Anyway, to circle back around to the actual point: in late 2014 and early-mid 2015, I finished every related deed and helped defeat every Roving Threat in the game except for Southern Mirkwood’s Ghámgur. Here’s his Lotro-wiki page: you may notice he has 2 million morale, an occasional anti-kiting run speed buff, and, most importantly, a constantly stacking +50% damage buff. This was killer to my PUG that tried to tackle him on-level (ie. at 100): we wiped at least twice, honestly probably three times, and then people decided to move on because it wasn’t working. So my “3 out of 4” Mirkwood RT deed sat in my deed log for like five years, unfinished: I hung onto the quest for just as long, and at higher levels I’d periodically think about trying it solo, but would be dissuaded because hunters are squishy and dude has > 2 mil morale.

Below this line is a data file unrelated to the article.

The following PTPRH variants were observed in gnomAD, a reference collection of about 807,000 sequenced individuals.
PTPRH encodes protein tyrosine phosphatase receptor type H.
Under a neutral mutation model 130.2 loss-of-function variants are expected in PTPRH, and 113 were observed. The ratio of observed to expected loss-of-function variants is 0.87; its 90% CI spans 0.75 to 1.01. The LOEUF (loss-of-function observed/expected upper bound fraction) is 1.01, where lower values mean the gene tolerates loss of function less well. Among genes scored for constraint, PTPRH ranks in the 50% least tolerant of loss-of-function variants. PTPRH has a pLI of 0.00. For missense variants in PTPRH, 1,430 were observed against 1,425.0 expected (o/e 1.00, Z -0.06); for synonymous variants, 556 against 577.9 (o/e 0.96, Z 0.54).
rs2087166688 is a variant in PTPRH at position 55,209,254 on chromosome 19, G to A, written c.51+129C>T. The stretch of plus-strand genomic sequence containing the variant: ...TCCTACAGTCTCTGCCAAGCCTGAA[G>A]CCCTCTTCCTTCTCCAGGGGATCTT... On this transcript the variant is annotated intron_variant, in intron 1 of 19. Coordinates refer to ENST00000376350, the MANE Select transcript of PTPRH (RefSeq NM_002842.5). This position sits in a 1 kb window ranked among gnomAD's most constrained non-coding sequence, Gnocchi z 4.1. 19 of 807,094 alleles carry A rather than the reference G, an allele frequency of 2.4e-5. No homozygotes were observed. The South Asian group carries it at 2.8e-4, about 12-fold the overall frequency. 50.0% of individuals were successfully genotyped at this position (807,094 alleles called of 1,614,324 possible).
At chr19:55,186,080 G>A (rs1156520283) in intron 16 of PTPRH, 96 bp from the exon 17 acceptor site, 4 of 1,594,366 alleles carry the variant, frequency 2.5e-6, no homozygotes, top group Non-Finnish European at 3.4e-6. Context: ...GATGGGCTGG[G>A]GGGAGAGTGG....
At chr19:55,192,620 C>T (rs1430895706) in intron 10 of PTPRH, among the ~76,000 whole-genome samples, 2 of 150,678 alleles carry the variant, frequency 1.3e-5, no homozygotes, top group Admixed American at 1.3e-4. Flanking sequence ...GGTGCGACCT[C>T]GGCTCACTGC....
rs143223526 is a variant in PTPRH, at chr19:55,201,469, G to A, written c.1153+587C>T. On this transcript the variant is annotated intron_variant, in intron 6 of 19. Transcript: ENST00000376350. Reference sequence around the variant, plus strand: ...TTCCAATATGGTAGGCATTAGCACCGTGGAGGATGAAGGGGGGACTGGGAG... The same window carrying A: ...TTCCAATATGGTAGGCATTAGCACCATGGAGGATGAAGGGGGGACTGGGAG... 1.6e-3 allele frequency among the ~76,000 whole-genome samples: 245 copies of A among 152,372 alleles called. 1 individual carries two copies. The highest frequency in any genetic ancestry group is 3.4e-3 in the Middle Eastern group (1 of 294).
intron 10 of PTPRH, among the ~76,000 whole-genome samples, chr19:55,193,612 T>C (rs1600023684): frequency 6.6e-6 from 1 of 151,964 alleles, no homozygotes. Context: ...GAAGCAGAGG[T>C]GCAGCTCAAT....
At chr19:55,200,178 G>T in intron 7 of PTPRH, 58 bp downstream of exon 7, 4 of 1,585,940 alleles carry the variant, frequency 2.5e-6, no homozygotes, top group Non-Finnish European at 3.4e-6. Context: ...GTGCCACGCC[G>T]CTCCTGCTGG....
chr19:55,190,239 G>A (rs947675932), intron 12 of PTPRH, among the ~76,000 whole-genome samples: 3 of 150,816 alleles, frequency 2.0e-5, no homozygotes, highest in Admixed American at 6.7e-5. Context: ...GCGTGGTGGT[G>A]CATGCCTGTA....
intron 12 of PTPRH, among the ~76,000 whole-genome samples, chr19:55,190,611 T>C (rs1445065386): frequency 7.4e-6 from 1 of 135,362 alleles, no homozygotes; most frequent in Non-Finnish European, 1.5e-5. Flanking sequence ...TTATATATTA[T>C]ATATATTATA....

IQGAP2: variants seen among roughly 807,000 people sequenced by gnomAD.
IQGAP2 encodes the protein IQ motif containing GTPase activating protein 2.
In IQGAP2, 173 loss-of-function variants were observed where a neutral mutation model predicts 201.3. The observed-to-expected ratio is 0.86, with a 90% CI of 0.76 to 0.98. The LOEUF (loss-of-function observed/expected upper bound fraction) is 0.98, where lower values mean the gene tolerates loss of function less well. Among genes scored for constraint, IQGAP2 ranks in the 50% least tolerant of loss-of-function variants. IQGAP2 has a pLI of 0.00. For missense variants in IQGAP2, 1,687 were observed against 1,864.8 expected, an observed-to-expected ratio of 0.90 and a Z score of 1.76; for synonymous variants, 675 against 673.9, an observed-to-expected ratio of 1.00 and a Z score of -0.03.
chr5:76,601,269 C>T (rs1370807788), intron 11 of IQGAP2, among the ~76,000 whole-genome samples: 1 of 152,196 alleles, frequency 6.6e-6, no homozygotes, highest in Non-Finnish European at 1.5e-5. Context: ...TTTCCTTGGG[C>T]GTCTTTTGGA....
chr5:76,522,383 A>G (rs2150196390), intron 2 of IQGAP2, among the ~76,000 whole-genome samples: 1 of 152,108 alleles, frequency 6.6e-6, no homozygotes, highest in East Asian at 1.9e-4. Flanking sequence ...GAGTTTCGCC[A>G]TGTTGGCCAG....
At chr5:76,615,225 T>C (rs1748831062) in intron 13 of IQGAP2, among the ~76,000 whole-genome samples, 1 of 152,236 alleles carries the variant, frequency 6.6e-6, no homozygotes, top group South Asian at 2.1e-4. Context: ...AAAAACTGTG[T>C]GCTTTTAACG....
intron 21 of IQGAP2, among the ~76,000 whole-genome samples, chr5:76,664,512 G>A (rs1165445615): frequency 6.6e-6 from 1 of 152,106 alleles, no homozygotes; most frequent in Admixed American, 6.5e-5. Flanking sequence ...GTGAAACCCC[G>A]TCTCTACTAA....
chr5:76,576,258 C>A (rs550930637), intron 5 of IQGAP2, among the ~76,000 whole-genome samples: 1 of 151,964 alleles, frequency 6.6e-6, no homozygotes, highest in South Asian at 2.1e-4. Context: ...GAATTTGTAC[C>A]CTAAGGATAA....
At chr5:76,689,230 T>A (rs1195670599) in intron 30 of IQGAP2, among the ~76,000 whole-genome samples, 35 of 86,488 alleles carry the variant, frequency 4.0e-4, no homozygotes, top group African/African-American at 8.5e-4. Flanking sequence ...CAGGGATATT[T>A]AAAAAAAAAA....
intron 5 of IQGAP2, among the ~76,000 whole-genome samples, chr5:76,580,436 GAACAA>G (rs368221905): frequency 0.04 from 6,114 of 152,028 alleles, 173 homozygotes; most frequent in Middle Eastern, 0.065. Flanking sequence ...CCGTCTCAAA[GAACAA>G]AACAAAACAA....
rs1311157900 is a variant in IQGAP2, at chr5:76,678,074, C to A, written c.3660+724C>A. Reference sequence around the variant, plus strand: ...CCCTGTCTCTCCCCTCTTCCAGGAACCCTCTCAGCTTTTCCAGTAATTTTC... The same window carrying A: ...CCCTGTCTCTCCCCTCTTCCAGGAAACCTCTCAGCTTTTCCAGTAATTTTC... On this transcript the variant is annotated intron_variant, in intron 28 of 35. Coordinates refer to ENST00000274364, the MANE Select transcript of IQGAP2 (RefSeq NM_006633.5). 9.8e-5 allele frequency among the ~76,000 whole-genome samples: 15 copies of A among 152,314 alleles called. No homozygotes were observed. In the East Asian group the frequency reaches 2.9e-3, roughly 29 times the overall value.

Well… turns out I could have finished it up probably as early as two years ago. It should be self-evident by now, but I finally did find and kill Ghámgur. Honestly, it was kind of anticlimactic: he was in the second place I checked, and with an initial Camouflage-Focus-Heartseeker crit setup (and my skirm healer summoned, and using move-and-shoot blue line!), the fight was over in maybe a minute. I think I’d forgotten how severely overpowered character stats have become when compared to every enemy created pre-Mordor expansion. I fumbled the screenshot right as I defeated him, so I don’t have a shot of his corpse (that sounds so morbid, sorry), but I do have this record of my quest turn-in (FINALLY!).

    Judge my UI and quick slot setup, I guess?

    It’s a pretty low-key anecdote, all things considered, but I am honestly super psyched that I finally finished this freaking quest and fully cleared out my Mirkwood deeds. It’s the little things, you know? I felt the same way when I finished the Volume 2 epilogue by figuring out how to do most of the group quests solo.